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Amazon-Branded TV to Roll Out in US by October After Nearly Two Years of Development: Report

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By Reuters | Updated: 3 September 2021

Amazon is planning to launch its Amazon-branded TV in the United States as soon as October, Business Insider reported on Thursday.

The launch, involving teams from Amazon Devices and Lab126, has been in the works for almost two years, the report said, citing people familiar with the matter.

The TVs, which will be powered by voice assistant Alexa, are currently designed and manufactured by third parties, one of which is TCL, the report added.

Amazon did not immediately respond to Reuters’ request for a comment.

The tech giant had already launched an AmazonBasics TV in India late last year.

In other Amazon-related news, CEO Andy Jassy said on September 1 that the company is planning to hire 55,000 people for corporate and technology roles globally in the coming months. That’s equal to more than a third of Google’s headcount as of June 30, and close to all of Facebook’s.

Jassy, in his first press interview since he ascended to Amazon’s top post in July, said the company needed more firepower to keep up with demand in retail, the cloud, and advertising, among other businesses. He said the company’s new bet to launch satellites into orbit to widen broadband access, called Project Kuiper, would require a lot of new hires, too.

With Amazon’s annual job fair scheduled to begin September 15, Jassy hopes now is a good time for recruiting. “There are so many jobs during the pandemic that have been displaced or have been altered, and there are so many people who are thinking about different and new jobs,” said Jassy, who cited a US survey from PwC that 65 percent of workers wanted a new gig.

“It’s part of what we think makes ‘Career Day’ so timely and so useful,” he said. The new hires would represent a 20 percent increase in Amazon’s tech and corporate staff, who currently number around 275,000 globally, the company said.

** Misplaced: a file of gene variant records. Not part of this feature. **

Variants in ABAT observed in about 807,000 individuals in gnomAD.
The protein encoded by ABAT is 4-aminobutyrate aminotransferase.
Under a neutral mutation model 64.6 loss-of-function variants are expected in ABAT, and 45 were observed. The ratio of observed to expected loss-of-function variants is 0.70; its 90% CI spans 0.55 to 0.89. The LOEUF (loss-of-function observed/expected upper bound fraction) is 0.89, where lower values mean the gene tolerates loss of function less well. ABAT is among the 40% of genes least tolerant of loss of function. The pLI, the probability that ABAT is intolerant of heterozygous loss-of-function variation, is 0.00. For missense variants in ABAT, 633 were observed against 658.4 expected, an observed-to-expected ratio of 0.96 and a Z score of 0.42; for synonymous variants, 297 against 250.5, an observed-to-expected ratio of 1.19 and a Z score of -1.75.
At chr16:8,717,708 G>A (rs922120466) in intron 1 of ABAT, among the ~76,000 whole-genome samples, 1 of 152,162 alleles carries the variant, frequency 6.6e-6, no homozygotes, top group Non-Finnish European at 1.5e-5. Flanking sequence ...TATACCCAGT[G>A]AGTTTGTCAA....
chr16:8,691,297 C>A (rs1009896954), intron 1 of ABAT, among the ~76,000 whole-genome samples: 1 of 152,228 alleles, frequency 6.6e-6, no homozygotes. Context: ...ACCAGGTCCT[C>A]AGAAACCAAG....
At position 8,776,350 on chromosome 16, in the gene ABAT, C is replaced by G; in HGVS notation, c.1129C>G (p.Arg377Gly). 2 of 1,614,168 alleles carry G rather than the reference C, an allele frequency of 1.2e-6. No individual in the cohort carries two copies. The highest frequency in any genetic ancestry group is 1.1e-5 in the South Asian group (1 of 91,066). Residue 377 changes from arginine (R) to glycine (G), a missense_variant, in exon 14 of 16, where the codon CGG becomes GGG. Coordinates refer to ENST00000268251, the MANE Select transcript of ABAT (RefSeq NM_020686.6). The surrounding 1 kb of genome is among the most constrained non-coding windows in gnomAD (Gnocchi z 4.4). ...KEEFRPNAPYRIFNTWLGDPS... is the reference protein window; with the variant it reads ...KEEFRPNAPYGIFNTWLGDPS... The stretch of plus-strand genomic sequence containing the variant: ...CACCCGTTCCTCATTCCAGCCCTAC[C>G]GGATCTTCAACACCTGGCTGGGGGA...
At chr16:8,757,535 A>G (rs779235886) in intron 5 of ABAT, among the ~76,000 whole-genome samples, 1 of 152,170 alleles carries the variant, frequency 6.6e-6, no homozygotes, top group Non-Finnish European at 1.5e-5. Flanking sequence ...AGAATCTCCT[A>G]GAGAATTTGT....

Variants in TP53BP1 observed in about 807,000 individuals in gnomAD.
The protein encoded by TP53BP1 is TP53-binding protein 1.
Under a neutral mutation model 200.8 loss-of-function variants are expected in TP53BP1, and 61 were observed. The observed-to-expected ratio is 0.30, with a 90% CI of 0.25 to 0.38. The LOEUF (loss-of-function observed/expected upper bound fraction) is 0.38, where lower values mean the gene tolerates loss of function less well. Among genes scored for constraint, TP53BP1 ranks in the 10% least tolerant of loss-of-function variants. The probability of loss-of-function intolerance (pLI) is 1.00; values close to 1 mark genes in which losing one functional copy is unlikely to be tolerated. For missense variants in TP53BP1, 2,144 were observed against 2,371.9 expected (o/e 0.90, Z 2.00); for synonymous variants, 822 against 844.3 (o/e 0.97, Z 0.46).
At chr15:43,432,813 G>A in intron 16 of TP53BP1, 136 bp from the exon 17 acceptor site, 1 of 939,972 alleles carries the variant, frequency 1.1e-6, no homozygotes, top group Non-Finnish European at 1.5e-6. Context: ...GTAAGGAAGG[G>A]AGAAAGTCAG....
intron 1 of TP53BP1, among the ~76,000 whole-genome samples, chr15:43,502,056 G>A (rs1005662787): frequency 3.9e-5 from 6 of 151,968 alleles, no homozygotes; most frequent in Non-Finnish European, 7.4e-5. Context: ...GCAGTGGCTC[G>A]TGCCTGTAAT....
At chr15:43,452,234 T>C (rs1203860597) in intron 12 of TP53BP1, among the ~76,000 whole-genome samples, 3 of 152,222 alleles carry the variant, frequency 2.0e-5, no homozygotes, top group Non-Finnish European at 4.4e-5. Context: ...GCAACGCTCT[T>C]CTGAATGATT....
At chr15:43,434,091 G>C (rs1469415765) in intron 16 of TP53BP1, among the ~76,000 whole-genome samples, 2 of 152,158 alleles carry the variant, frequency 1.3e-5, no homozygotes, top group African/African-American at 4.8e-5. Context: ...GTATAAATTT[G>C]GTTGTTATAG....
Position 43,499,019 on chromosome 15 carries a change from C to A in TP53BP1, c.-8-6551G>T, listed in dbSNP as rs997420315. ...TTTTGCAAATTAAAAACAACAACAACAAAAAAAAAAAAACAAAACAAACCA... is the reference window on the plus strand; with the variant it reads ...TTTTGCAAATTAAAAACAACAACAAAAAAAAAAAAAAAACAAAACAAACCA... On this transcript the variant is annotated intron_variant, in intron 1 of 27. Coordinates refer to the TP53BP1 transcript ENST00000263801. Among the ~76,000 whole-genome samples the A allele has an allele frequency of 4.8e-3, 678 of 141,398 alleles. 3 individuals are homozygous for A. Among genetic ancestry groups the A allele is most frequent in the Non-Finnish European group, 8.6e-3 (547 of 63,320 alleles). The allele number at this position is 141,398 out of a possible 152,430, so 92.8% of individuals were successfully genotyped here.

© Thomson Reuters 2021

Technology

Lyft Records Over 4,000 Sexual Assault Cases in Long-Overdue Safety Report

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By Reuters | Updated: 23 October 2021

Lyft received reports of more than 4,000 instances of sexual assault on its ride-hailing platform between 2017 and 2019, it said, detailing the data in a safety report it had promised to publish about two years ago.

The company report, issued late on Thursday, showed sexual assault reports on its platform had increased from around 1,100 in 2017 to some 1,800 in 2019. But it said bookings increased at a higher rate during that time, resulting in a 19 percent drop in the overall incident rate.

Lyft said more than 99 percent of its journeys had occurred without any safety incident.

“While safety incidents on our platform are incredibly rare, we realise that even one is too many. Behind every report is a real person and real experience, and our goal is to make each Lyft ride as safe as we possibly can,” Jennifer Brandenburger, head of policy development and research, said in a company blog post.

The company said it has invested in safety features, employed rigorous driver background checks and consulted sexual assault experts.

Lyft had committed to releasing its report at the end of 2019, when its larger rival Uber Technologies provided the ride-hailing industry’s first detailed safety report.

Uber at the time disclosed it had received some 6,000 reports of sexual assault related to 2.3 billion trips in the United States in 2017 and 2018.

Lyft, which services significantly fewer trips than Uber, did not disclose the total number of rides it completed in its Thursday safety report, but at 0.0002 percent the incident rate was the same as Uber’s.

Unlike Uber, Lyft did not disclose what share of incidents resulted in drivers being harmed. Uber’s report showed riders accounted for roughly half of the accused in sexual assault reports.

© Thomson Reuters 2021

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Science

NASA Artemis Moon Mission Launch Planned for February 2022

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By Agence France-Presse | Updated: 23 October 2021

NASA said Friday it is now targeting February 2022 for the uncrewed lunar mission Artemis 1, the first step in America’s plan to return humans to the Moon later this decade. The space agency had initially wanted to launch the test flight by the end of this year, with astronauts on the ground by 2024 on Artemis 3, but the timeline has slipped back.